By Jon Dougherty
(NationalSentinel) Mexico’s tougher policies aimed at stopping Central American migrants from illegally crossing its territory en route to the United States have resulted in substantially fewer attempts and apprehensions, according to officials.
Mexican authorities say they apprehended 18,758 migrants in July, citing preliminary data from the country’s immigration agency,Â The Wall Street Journal reported. And though this figure is more than double the number from the same month last year, it is a significant decline from the 31,573 apprehended in June, a one-month record.
Mexico City noted that its tougher policies have resulted in a 40-percent reduction in migrants headed to the U.S.
Marcelo Ebrard, Mexicoâ€™s foreign relations secretary, said late last month the amount of mostly Central American migrants traveling through the country fell from 144,278 in May to 87,648 in June.
HeÂ specifically creditedÂ his governmentâ€™s dramatic crackdown on illegal immigration, spurred on by pressure from the Trump administration, which threatened to begin placing escalating tariffs on Mexican imports if the government didn’t do more to interdict migrants.
Both countries reached an agreement in June, which put the initial 5-percent tariffs on hold, giving Mexico time to show progress in slowing the migrant caravans that had become routine over the past year.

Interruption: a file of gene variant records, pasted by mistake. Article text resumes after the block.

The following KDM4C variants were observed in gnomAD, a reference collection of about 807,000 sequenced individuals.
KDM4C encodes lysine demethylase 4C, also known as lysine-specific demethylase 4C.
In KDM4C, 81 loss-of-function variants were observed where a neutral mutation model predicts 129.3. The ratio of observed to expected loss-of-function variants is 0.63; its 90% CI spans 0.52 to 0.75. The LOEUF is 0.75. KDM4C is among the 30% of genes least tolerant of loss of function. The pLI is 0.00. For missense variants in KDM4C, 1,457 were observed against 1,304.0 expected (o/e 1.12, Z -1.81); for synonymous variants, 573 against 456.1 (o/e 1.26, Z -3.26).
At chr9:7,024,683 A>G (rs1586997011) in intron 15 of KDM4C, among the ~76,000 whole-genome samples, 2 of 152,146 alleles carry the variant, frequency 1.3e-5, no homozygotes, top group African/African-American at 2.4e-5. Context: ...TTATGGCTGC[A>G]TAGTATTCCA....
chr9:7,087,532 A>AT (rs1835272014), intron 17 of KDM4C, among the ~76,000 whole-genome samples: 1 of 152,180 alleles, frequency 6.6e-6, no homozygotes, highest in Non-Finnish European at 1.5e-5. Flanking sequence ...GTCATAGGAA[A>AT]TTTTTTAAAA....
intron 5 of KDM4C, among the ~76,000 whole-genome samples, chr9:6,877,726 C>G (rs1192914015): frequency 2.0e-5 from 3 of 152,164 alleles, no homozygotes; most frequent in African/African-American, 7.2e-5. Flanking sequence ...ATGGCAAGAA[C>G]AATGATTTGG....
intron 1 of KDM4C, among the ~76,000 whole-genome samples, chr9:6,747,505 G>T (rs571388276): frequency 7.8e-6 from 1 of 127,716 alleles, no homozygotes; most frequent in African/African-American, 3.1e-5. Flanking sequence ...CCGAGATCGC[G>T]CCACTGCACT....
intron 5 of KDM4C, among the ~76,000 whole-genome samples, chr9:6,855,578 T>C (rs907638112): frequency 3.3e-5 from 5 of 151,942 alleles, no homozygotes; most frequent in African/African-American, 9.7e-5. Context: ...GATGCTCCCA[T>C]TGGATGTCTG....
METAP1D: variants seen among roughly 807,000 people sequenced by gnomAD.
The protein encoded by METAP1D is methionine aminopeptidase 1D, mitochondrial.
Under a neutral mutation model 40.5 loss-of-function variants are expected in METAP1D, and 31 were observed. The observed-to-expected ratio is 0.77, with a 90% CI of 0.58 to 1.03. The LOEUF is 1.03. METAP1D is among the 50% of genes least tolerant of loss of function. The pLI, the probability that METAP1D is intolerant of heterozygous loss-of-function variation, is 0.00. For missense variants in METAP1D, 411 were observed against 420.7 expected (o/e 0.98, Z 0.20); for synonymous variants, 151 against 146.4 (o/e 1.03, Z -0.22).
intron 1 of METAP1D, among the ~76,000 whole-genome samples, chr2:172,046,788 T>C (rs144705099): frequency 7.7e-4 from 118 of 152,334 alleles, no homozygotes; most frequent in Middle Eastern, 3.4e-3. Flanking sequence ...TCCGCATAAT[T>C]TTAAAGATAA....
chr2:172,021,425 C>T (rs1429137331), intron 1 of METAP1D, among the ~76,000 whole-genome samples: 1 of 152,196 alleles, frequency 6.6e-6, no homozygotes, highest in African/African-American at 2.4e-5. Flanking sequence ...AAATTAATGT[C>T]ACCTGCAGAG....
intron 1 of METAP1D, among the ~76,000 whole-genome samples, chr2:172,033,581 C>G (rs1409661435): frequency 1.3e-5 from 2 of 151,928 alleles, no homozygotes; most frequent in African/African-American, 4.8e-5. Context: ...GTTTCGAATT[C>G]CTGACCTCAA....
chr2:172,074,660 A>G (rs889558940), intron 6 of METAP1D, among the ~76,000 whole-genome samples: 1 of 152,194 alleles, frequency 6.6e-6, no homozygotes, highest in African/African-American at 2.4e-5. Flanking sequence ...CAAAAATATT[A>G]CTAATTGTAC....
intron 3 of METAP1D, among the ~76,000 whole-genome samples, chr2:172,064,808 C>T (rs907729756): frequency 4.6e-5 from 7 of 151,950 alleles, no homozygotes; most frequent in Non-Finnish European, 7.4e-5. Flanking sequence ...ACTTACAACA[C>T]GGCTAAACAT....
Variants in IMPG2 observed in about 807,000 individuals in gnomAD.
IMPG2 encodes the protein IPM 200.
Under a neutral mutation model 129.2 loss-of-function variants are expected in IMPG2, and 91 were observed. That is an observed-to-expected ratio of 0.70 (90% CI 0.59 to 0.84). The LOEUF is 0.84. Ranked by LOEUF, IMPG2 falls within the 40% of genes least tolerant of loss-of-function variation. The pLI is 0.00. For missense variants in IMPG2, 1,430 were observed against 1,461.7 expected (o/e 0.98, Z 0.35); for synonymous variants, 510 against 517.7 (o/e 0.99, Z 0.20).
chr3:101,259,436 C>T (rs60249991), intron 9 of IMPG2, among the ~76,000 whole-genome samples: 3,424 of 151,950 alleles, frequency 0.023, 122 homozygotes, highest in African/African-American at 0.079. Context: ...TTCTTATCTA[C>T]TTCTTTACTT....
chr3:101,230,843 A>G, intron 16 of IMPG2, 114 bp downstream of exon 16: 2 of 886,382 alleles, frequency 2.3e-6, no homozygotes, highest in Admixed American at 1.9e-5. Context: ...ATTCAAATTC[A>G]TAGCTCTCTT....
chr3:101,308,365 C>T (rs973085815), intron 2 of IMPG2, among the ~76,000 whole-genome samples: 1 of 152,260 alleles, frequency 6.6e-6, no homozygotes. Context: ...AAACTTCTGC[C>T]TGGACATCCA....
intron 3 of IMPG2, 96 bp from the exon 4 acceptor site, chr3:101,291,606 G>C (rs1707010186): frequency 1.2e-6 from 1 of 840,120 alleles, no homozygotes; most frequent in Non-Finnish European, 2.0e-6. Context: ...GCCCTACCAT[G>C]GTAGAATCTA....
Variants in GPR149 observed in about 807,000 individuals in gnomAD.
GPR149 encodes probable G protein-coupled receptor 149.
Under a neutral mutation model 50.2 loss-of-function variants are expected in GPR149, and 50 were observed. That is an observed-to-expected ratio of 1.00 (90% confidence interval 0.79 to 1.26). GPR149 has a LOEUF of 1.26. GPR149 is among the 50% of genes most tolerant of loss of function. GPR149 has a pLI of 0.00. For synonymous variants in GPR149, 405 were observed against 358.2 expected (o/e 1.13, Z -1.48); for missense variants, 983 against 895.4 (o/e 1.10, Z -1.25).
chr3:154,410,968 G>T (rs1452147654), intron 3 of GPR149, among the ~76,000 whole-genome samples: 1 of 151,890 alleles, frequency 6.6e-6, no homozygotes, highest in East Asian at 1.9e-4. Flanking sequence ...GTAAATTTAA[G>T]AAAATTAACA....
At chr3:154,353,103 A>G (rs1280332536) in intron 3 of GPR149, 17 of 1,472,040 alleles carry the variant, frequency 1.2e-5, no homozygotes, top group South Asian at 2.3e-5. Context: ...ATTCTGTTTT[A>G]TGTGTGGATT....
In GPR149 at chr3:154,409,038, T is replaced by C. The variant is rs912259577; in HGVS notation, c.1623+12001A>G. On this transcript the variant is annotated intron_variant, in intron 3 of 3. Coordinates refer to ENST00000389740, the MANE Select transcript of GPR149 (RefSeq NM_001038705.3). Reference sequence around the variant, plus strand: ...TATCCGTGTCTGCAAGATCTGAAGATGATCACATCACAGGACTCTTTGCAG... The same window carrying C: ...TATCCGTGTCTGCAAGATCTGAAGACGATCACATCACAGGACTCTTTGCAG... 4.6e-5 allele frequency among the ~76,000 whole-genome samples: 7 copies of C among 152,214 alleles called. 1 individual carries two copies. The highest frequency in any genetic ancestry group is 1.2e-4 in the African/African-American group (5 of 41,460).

In response, Mexico sent some 6,000 troops, part of its newly formed National Guard, to its border with Guatemala, a major chokepoint of migrant traffic.
In all, Mexico has deployed more than 20,000 National Guard members, who consist of federal police and military forces, along its northern and southern borders.
And, as Mexican security has improved, so too has PresidentÂ Andres Manuel Lopez Obradorâ€™s relationship with POTUS Trump,Â The Daily Caller reported.
A survey published in Mexico in July found that most citizens reject illegal immigration and believe the Mexican government should deport people who cross illegally.
Lane noted further: â€œIt would appear that anti-migrant sentiment in Mexico is, if anything, stronger than it is in the U.S.â€
Also, a solid majority (57 percent) opposing the Mexican government allowing illegal immigrants into the country and sheltering them.
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